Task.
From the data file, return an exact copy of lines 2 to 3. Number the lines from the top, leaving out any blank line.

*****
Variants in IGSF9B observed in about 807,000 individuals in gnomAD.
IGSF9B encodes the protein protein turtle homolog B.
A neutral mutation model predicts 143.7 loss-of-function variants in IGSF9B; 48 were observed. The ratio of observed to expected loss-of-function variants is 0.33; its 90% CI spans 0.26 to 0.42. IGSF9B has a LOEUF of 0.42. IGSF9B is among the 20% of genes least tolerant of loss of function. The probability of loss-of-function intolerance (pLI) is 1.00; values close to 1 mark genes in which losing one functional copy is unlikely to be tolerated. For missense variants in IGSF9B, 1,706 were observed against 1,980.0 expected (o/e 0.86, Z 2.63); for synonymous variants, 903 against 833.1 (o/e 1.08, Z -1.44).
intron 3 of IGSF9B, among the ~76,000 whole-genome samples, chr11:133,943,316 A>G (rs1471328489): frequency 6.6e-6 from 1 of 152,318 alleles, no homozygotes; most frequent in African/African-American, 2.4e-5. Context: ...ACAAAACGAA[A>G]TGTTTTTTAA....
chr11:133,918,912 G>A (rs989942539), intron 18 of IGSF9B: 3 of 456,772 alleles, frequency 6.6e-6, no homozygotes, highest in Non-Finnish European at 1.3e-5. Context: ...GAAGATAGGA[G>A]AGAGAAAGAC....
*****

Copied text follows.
IGSF9B encodes the protein protein turtle homolog B.
A neutral mutation model predicts 143.7 loss-of-function variants in IGSF9B; 48 were observed. The ratio of observed to expected loss-of-function variants is 0.33; its 90% CI spans 0.26 to 0.42. IGSF9B has a LOEUF of 0.42. IGSF9B is among the 20% of genes least tolerant of loss of function. The probability of loss-of-function intolerance (pLI) is 1.00; values close to 1 mark genes in which losing one functional copy is unlikely to be tolerated. For missense variants in IGSF9B, 1,706 were observed against 1,980.0 expected (o/e 0.86, Z 2.63); for synonymous variants, 903 against 833.1 (o/e 1.08, Z -1.44).